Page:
Even if she reached the end of letters, 
of roads. Of calendar grids and meals
served. Even at the end of the body’s 
order—the liver’s gather 
and flush, the heart’s neat applause 

for itself—still a fogged way 
tears open. Still four a.m. arrives 
and the beloved’s place in bed empties 
and the door locks behind him  
as he walks into another morning. 

Even then no specter rises 
from the Delaware with its cool 
green gaze, its gentle 
supplication of the shore, 
to collect her up from this unspooling. 

Neither the all-night gaslight, nor 
the crowd spilling out from the bars. 
Neither this knot of card-players 
on the stoop, nor this climax 
of fireworks. Not this aurora, and not 

the plane signaling its landing, certainly not  
the refinery explosion. Not this longed-for 
text message nor that butterfly migration 
comes to rescue her from her days, 
no matter their numerology or 

her pious waiting, no matter her body 
cleansed and bared. No matter 
her prostration on this wooden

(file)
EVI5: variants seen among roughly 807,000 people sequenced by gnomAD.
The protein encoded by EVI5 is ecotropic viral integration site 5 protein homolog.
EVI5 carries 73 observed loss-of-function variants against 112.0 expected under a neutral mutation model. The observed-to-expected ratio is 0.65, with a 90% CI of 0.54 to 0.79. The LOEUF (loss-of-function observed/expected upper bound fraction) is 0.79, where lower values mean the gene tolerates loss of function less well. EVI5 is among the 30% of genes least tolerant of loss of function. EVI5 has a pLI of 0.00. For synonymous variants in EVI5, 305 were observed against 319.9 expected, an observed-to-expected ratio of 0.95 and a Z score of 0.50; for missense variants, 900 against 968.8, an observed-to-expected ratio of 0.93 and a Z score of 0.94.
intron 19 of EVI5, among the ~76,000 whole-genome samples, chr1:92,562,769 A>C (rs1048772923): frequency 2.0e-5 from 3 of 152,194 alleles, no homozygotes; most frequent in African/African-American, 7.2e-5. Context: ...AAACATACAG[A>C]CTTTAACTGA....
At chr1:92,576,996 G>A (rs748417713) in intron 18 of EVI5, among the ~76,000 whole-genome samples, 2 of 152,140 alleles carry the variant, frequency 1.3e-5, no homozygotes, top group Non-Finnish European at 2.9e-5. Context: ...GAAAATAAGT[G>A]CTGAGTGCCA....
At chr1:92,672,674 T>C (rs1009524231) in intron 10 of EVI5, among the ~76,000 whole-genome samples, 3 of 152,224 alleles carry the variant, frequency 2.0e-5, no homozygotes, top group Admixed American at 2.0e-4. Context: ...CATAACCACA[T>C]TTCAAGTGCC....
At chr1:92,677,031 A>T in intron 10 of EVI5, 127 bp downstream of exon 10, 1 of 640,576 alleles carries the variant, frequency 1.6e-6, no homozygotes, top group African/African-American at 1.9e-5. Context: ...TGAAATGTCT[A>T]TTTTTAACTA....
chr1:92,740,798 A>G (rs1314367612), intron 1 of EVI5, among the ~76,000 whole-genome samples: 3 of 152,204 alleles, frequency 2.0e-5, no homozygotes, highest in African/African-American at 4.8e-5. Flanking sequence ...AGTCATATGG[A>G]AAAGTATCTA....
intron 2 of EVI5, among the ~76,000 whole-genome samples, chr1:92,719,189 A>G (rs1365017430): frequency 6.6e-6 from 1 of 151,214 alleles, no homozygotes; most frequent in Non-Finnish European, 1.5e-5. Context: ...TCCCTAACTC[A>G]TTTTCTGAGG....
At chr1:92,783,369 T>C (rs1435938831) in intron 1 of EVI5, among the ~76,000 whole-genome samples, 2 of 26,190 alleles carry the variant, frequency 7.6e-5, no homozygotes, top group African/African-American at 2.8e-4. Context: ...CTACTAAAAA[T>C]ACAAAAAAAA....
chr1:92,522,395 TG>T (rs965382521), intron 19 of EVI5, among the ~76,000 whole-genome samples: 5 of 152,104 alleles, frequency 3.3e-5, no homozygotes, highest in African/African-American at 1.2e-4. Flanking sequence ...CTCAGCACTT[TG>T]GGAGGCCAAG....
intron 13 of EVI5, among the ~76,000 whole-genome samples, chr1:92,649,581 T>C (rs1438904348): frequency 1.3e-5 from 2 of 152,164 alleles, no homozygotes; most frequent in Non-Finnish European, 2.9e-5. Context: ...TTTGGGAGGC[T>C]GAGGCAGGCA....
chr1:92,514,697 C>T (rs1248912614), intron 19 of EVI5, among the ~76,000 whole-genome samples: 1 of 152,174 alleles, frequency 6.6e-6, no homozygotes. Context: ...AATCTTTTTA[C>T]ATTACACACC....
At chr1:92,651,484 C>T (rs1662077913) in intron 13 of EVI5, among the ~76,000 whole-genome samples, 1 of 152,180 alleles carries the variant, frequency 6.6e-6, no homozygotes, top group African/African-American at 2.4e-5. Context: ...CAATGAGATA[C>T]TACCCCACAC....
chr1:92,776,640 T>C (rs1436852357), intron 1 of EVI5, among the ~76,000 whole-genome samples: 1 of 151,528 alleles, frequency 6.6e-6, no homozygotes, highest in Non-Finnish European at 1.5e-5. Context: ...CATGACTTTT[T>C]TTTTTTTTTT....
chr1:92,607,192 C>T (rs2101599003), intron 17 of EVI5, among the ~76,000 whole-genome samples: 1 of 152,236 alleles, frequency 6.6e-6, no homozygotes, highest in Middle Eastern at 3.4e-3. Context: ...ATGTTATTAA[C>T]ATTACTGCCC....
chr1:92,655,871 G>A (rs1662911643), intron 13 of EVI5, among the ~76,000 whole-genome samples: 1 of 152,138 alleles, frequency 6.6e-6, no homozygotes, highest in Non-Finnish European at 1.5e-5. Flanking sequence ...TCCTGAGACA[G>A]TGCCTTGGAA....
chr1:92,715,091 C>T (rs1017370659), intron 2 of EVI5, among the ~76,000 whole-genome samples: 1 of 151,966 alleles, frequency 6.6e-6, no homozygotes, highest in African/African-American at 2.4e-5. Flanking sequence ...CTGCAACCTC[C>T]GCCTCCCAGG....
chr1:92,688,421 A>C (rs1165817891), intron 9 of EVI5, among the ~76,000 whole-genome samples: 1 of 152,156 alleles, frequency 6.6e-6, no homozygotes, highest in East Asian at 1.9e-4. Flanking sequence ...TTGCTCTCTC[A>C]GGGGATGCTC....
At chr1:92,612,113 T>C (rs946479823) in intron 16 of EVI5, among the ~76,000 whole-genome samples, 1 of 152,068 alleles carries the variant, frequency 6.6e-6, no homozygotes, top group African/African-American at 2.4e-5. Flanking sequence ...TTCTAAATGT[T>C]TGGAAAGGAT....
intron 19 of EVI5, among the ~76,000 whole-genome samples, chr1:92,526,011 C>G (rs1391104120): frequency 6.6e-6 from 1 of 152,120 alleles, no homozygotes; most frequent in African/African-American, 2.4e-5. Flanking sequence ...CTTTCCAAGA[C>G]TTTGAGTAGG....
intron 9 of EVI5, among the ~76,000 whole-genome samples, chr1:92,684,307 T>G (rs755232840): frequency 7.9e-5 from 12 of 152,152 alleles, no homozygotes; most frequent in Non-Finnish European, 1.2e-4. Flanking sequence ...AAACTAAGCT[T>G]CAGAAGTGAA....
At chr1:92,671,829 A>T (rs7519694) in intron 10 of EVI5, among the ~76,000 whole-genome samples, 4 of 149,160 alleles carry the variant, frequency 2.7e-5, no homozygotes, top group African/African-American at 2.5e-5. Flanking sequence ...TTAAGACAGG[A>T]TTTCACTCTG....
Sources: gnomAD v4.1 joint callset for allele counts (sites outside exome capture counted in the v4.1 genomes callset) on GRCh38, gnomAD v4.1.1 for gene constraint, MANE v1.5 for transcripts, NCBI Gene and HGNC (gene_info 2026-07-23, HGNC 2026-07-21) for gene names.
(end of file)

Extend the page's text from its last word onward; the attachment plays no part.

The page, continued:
bridge between worlds, the current lapping 
hungrily at the smooth stones below. 
She says this tkhine on her child’s first birthday, the world unfolding


20. Is it a common belief that the appearance and resemblance of children depends on what the mother sees during the time she is leaving the mikve and during her pregnancy?


Leah Falk is the author of To Look After and Use (Finishing Line Press, 2019). Her work has appeared in The Kenyon Review, FIELD, Electric Literature, Best New Poets, and elsewhere. Born and raised in Pittsburgh, she lives in Philadelphia and directs programming at the Writers House at Rutgers University-Camden.

About the Series: These poems are a part of our ongoing series exploring isolation, exile, and “The Everyday Pandemic.” With the arrival of COVID-19 new realities emerged. Isolation became ubiquitous. Everyday movement suddenly came with great risk. The spaces that once brought order and safety became malleable and uncertain. Throughout this series it is our hope to create an alternative conversation to the dominant COVID-19 discourse: one that captures the daily toll of life through the pandemic from the perspective of writers and artists who are familiar with the experience of isolation and exile. With this in mind, we’ve collected stories, poems, nonfiction essays, and digital art from writers and artists from all walks of life and from all around the globe.

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